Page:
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A sample of four false-color maps of intensity variations in the cosmic microwave background (CMB) from different parts of the sky created from data collected by the University of Chicago's Degree Angular Scale Interferometer (DASI). The maps depict tiny deviations, on the order of one hundred thousandth of one degree, in the otherwise uniform 2.73 degree Kelvin background. The maps are a snapshot of the universe as it looked 14 billion years ago. DASI is funded by the National Science Foundation. (Graphic courtesy of the DASI Collaboration)
The best way to extract cosmological information from the CMB is to plot the observed microwave power as a function of the angular size of regions contributing to the CMB. The inflation model predicts that this spectrum should feature a number of peaks. The first peak, at an angular size of about 1 degree, corresponds to the largest blobs of matter in the primordial plasma at the time of the CMB, about 400,000 years after the big bang. Subsequent peaks should correspond to blobs that had come together under the action of gravity but had then rebounded outward because of radiation pressure, and later still had condensed for a second or third time.
A year ago the Boomerang collaboration, which used a balloon-based detector floating over Antarctica, provided a detailed map of the first peak which, besides falling at the 1-degree size predicted by inflation, also determined that the overall curvature of the universe was zero. But Boomerang and another detector group, MAXIMA, saw scant evidence of any other peaks, and this puzzled astronomers.
All this changed at the APS April meeting in Washington, DC, where the Degree Angular Scale Interferometer (DASI) collaboration, which parks its microwave detector on the roof of NSF's South Pole station, presented solid evidence for a second and third peak. The DASI results, according to John Carlstrom of the University of Chicago, were largely in concert with Boomerang's presentation at the meeting; Boomerang used a new type of analysis and reported 14 times more data than last year. The microwave spectra for the two groups were similar, as were the values of various cosmological parameters. For example, the position of the first peak yields the total energy of the universe. Boomerang and DASI found values of 1.03 and 1.04, respectively, with about a 6% uncertainty.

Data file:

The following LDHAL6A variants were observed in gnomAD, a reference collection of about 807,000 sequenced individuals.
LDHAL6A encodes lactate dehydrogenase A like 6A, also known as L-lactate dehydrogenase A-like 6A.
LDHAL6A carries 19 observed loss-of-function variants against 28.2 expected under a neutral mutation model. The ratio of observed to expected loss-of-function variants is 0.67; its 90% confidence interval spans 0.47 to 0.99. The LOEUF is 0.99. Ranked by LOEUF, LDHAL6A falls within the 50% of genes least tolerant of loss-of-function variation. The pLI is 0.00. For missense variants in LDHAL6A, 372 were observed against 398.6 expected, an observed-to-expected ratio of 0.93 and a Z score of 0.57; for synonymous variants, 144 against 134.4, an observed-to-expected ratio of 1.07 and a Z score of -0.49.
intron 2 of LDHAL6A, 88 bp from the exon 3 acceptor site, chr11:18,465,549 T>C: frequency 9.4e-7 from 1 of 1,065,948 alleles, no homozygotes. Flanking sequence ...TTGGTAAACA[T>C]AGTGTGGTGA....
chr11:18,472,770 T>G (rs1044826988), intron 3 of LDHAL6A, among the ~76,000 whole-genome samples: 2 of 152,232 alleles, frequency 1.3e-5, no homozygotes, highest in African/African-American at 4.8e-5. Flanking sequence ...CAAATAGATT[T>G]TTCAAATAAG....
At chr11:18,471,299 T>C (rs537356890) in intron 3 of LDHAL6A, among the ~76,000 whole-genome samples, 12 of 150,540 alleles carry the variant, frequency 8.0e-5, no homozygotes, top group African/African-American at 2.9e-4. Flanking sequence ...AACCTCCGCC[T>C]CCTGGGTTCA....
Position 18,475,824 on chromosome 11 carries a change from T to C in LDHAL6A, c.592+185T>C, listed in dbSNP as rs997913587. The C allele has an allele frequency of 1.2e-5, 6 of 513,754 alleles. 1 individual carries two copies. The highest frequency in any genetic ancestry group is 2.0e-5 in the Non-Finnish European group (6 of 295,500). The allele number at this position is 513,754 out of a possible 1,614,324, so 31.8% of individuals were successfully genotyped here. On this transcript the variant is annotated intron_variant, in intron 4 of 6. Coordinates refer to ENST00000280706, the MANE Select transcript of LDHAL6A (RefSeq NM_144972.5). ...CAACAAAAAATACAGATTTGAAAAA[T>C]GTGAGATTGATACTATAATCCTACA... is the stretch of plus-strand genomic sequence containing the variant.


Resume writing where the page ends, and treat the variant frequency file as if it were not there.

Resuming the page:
The presence of harmonic peaks bolsters the theory that the universe grew from a tiny subatomic region during a period of violent expansion a split second after the Big Bang. "Just as the difference in harmonic content allows us to distinguish between a flute and or trumpet playing the same note, so the details of the harmonic content imprinted in the CMB allows us to understand the detailed nature of the universe," said Barth Netterfield (University of Toronto), lead author of the Boomerang paper.
Comparing the height of the first and second peaks, one can calculate the expected percentage of all energy in the universe that exists in the form of ordinary matter (baryons). This turns out to be about 5% for both groups, a fact that agrees well with predictions made by the independent "big bang nucleosynthesis" theory. It is harder to nail down other cosmological parameters, such as the percentage of energy in the form of dark matter or dark energy-energy lurking in the vacuum and responsible for the newly discovered net acceleration in the cosmological expansion. The new CMB measurements suggest values of about 30% and 65%, respectively.
The estimate of ordinary matter in the universe agrees with the theoretical predictions made in 1998 by noted University of Chicago cosmologists Michael Turner and the late David Schramm, using a different method based on the amount of deuterium produced in the Big Bang. Schramm, who died that same year, was the first to realize that deuterium was a sensitive indicator of the density of ordinary matter in the universe. "These results strengthen the case that most of the mysterious dark matter is comprised of some new form of matter," said Turner. "We may be made of star stuff, but we are not made of the stuff of the cosmos."
New MAXIMA results presented at the meeting did not have nearly the statistical weight of the other two groups, but were generally consistent; the three-way agreement brought a great round of applause from the audience of astronomers eager to unravel the mysteries of the early universe.
The MAXIMA team is now analyzing data from a second balloon flight in June 1999, which they hope will strengthen the findings from the earlier flight. Further data will come from DASI and its sister instrument, CalTech's Cosmic Background Imager, as well as the University of Chicago's TopHat experiment and NASA's Microwave Anisotropy Probe.
MAXIMA also plans to launch an experiment to study polarization of the microwave radiation, described as "a vibration of photons as they travel through space." Studying the patterns of variations in polarizations will be useful in sorting out variants of the inflation model.
Turner observed that last year's discovery of the first microwave peak constituted the first great vindication for the Inflation model and that this new discovery of secondary peaks was the second great vindication. The third type of evidence, Turner said, would be the detection of gravity waves from before the time of the CMB. "This is just the beginning," he said. "Not only will we be able to test inflation, but we will be able to learn about its underlying physical cause."
-Phillip F. Schewe and Ben Stein of AIP Public Information contributed to this article
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